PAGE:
Oliver, a 14-year-old male neutered domestic shorthaired cat, presented to our internal medicine team in April having become inappetent and lethargic a few days prior to referral.
He was dehydrated on examination and also uncomfortable on palpation of his cranial abdomen. Initial diagnostics revealed a marked azotaemia (serum creatinine 500 umol/L, RI <140), therefore abdominal ultrasonography was performed to identify a potential underlying cause. Whilst his right kidney appeared small, fibrotic and likely end-staged, the left kidney was more appropriately sized but had significant pyelectasia (11 mm, RI < 2mm).
Given these changes, Oliver was diagnosed with a proximal ureteric obstruction. A midline laparotomy was performed by our soft tissue surgery team to enable placement of a subcutaneous ureteric bypass (SUB) system. This device involves implanting of one end of a tube into the dilated kidney and the other end into the bladder, thereby bypassing the ureteric obstruction. Once in place, the SUB system requires regular flushing to ensure that it remains patent.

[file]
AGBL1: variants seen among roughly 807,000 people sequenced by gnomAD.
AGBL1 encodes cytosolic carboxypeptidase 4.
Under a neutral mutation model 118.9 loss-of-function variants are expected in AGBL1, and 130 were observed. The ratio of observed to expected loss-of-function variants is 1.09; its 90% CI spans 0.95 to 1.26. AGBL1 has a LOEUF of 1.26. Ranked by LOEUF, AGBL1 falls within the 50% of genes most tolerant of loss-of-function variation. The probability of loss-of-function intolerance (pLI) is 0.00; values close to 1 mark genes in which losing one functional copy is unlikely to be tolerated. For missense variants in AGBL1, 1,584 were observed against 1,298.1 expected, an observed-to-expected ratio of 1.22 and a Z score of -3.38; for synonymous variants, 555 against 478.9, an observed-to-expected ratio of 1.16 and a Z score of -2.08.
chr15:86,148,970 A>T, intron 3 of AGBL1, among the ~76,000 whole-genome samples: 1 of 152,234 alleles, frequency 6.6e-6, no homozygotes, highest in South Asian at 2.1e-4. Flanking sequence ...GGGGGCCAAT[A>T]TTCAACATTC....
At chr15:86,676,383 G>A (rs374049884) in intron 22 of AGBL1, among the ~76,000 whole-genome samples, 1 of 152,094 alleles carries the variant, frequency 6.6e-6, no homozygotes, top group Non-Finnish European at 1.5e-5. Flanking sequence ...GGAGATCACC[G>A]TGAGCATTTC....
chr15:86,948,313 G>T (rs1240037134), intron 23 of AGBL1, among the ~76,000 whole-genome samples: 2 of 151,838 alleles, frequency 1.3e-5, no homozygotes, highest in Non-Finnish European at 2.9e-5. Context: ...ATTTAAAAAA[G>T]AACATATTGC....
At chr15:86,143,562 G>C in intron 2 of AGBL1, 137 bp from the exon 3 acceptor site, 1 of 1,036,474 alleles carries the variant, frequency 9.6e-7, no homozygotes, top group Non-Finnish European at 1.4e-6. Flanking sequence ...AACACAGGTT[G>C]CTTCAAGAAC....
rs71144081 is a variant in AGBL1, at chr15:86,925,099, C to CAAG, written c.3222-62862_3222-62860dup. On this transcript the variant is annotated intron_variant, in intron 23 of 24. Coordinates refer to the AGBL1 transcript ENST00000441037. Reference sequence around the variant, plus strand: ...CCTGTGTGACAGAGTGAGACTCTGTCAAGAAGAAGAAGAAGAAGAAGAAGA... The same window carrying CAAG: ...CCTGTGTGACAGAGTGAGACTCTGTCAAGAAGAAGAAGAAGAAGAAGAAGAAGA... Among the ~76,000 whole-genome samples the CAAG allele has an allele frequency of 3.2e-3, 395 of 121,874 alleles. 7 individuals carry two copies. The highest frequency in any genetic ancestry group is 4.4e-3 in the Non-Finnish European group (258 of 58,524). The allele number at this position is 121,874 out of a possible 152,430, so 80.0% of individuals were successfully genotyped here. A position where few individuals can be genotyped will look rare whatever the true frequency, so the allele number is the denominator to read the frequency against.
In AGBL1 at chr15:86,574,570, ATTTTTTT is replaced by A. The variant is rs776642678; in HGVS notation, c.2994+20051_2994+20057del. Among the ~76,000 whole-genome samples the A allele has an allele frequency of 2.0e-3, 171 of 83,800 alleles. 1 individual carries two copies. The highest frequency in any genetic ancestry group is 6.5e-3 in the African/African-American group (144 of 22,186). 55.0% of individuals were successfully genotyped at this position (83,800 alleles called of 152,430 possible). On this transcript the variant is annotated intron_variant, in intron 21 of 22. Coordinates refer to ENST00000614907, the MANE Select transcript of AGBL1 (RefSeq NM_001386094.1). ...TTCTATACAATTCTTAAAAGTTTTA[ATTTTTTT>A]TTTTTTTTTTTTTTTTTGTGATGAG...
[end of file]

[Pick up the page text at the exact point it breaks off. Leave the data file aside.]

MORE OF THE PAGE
Oliver recovered well from surgery but required ongoing fluid therapy to treat his post-obstructive diuresis and an oesophageal feeding tube to ensure he received adequate nutrition. After 4 days of hospitalisation, Oliver was discharged home to continue his post-operative recovery. Four months post-operatively and Oliver’s SUB system remains fully functional, with resolution of his inappetence, abdominal pain and significant azotaemia (146 umol/L, RI <140).